The Practical Guide to Limited Company Tax
If you have chosen to operate your business as a limited com...
By Jonathan London on 24th July 2015
One of the most common reasons why people choose to become self-employed is a desire to get out from under the thumb of a particularly unpleasant boss or manager.
We’ve all had experiences of working under a tyrannical, incompetent or overly bureaucratic superior, which is why it’s so refreshing to leave that world behind and work for yourself, accountable to nobody but your good self. Yet as your company grows, you may unexpectedly find yourself needing to take on staff of your own in order to meet your workload – and, suddenly, the boot will be on the other foot.
When confronted with poor management, it’s natural to think you’d be able to do a better job, but when you’re in a position where you need to prove it, you might realise it’s not so easy. After all, being an effective boss requires you to combine your business acumen with interpersonal skills, team management capabilities and great amounts of foresight.
Here are ten key traits of effective managers which are needed to become the kind of leader who staff members can really get excited about working with:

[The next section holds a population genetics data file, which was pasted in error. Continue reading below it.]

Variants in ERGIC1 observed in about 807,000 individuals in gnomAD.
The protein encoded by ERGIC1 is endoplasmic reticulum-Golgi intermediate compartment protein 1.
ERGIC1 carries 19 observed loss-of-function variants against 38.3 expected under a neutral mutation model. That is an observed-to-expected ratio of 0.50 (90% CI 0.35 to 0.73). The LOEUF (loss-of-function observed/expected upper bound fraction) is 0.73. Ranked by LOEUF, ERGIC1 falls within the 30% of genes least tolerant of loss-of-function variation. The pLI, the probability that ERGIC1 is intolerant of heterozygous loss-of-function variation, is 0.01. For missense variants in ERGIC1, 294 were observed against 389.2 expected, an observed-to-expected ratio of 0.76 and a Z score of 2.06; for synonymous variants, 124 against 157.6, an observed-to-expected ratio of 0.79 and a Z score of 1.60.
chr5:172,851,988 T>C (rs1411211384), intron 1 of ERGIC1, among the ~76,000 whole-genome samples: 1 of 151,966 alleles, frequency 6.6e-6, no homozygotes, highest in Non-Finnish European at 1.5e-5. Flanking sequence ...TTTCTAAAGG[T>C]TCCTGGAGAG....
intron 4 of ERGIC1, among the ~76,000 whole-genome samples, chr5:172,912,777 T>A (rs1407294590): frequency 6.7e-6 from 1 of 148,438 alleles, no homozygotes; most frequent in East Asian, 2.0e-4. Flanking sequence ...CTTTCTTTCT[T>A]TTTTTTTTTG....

These are skills that self-employed and freelance workers are already likely to possess, but they’ll become even more important once you have employees working alongside or beneath you.
Your staff will be looking to you to take charge of project management, scheduling and key organisational matters; as such, you’ll need to be able to handle that responsibility, and to fight any temptations to get lax and cut corners. After all, it’s not just your professional future on the line any more.
It’s simple: if you’re not a people person, you’re unlikely to ever be a great manager. Even if you’re great at your own job, employees do not respond well to a boss who seems cold, disinterested and lacking in understanding of who they are as individuals.
That’s why it’s worth taking the time to get to know your staff, find common ground and develop a personal rapport, as well as showing understanding and compassion when they’re having problems. Not only will it help them to work more effectively, it’ll create a more pleasant environment for everyone.